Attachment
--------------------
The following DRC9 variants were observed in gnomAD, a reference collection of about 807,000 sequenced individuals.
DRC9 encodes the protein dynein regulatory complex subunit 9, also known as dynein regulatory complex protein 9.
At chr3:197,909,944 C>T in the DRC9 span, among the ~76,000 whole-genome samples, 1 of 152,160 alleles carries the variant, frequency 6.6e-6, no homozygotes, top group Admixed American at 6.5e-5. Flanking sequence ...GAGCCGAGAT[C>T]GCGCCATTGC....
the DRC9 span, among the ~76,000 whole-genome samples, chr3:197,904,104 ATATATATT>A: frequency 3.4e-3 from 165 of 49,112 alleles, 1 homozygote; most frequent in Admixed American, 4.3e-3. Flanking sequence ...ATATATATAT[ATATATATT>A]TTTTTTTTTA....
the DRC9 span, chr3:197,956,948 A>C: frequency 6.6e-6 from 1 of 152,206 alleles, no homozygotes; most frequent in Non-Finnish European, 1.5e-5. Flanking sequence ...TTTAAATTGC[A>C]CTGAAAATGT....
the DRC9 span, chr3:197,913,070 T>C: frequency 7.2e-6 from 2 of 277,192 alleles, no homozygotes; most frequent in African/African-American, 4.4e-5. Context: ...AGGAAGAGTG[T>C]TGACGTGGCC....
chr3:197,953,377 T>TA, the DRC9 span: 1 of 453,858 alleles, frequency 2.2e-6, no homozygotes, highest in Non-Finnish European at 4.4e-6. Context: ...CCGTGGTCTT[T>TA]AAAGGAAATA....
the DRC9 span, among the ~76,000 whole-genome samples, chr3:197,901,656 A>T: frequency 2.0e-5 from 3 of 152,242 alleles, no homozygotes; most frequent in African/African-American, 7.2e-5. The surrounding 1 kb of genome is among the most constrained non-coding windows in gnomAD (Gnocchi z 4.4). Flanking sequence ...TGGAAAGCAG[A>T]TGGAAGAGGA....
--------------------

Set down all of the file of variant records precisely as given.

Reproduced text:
The following DRC9 variants were observed in gnomAD, a reference collection of about 807,000 sequenced individuals.
DRC9 encodes the protein dynein regulatory complex subunit 9, also known as dynein regulatory complex protein 9.
At chr3:197,909,944 C>T in the DRC9 span, among the ~76,000 whole-genome samples, 1 of 152,160 alleles carries the variant, frequency 6.6e-6, no homozygotes, top group Admixed American at 6.5e-5. Flanking sequence ...GAGCCGAGAT[C>T]GCGCCATTGC....
the DRC9 span, among the ~76,000 whole-genome samples, chr3:197,904,104 ATATATATT>A: frequency 3.4e-3 from 165 of 49,112 alleles, 1 homozygote; most frequent in Admixed American, 4.3e-3. Flanking sequence ...ATATATATAT[ATATATATT>A]TTTTTTTTTA....
the DRC9 span, chr3:197,956,948 A>C: frequency 6.6e-6 from 1 of 152,206 alleles, no homozygotes; most frequent in Non-Finnish European, 1.5e-5. Flanking sequence ...TTTAAATTGC[A>C]CTGAAAATGT....
the DRC9 span, chr3:197,913,070 T>C: frequency 7.2e-6 from 2 of 277,192 alleles, no homozygotes; most frequent in African/African-American, 4.4e-5. Context: ...AGGAAGAGTG[T>C]TGACGTGGCC....
chr3:197,953,377 T>TA, the DRC9 span: 1 of 453,858 alleles, frequency 2.2e-6, no homozygotes, highest in Non-Finnish European at 4.4e-6. Context: ...CCGTGGTCTT[T>TA]AAAGGAAATA....
the DRC9 span, among the ~76,000 whole-genome samples, chr3:197,901,656 A>T: frequency 2.0e-5 from 3 of 152,242 alleles, no homozygotes; most frequent in African/African-American, 7.2e-5. The surrounding 1 kb of genome is among the most constrained non-coding windows in gnomAD (Gnocchi z 4.4). Flanking sequence ...TGGAAAGCAG[A>T]TGGAAGAGGA....